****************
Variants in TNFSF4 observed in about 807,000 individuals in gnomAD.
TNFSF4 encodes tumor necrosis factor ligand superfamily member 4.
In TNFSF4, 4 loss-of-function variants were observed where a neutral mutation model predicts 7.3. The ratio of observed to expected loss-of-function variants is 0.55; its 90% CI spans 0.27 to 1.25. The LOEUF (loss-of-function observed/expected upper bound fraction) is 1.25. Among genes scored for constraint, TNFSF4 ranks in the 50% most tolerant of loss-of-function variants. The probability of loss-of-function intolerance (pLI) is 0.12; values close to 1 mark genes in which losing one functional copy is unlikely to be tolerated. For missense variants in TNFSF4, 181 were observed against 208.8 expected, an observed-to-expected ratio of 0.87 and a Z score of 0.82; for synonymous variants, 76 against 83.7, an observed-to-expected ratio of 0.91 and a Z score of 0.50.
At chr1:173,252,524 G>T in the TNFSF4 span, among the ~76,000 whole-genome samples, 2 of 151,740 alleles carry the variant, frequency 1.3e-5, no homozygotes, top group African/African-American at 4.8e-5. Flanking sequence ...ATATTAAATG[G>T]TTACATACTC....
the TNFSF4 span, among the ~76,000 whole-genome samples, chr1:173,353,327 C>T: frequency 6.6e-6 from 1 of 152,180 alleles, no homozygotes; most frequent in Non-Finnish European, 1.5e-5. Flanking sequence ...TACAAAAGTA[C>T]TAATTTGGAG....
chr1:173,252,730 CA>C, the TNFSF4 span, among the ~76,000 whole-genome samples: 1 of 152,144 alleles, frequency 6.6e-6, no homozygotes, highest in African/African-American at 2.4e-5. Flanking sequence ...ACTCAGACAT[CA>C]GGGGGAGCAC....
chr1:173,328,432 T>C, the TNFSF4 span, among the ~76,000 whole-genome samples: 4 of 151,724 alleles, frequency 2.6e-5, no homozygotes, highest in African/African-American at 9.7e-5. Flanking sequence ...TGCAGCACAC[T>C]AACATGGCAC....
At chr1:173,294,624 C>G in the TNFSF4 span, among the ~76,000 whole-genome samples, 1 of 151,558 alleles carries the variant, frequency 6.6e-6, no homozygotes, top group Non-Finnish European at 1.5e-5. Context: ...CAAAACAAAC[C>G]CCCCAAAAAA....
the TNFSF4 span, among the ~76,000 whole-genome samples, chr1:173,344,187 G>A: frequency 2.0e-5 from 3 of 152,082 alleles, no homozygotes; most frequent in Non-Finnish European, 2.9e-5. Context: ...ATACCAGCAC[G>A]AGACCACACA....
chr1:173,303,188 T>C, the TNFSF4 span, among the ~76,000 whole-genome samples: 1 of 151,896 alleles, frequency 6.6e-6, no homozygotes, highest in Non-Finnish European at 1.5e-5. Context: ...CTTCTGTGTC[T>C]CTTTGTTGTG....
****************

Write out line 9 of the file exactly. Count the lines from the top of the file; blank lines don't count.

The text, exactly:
the TNFSF4 span, among the ~76,000 whole-genome samples, chr1:173,344,187 G>A: frequency 2.0e-5 from 3 of 152,082 alleles, no homozygotes; most frequent in Non-Finnish European, 2.9e-5. Context: ...ATACCAGCAC[G>A]AGACCACACA....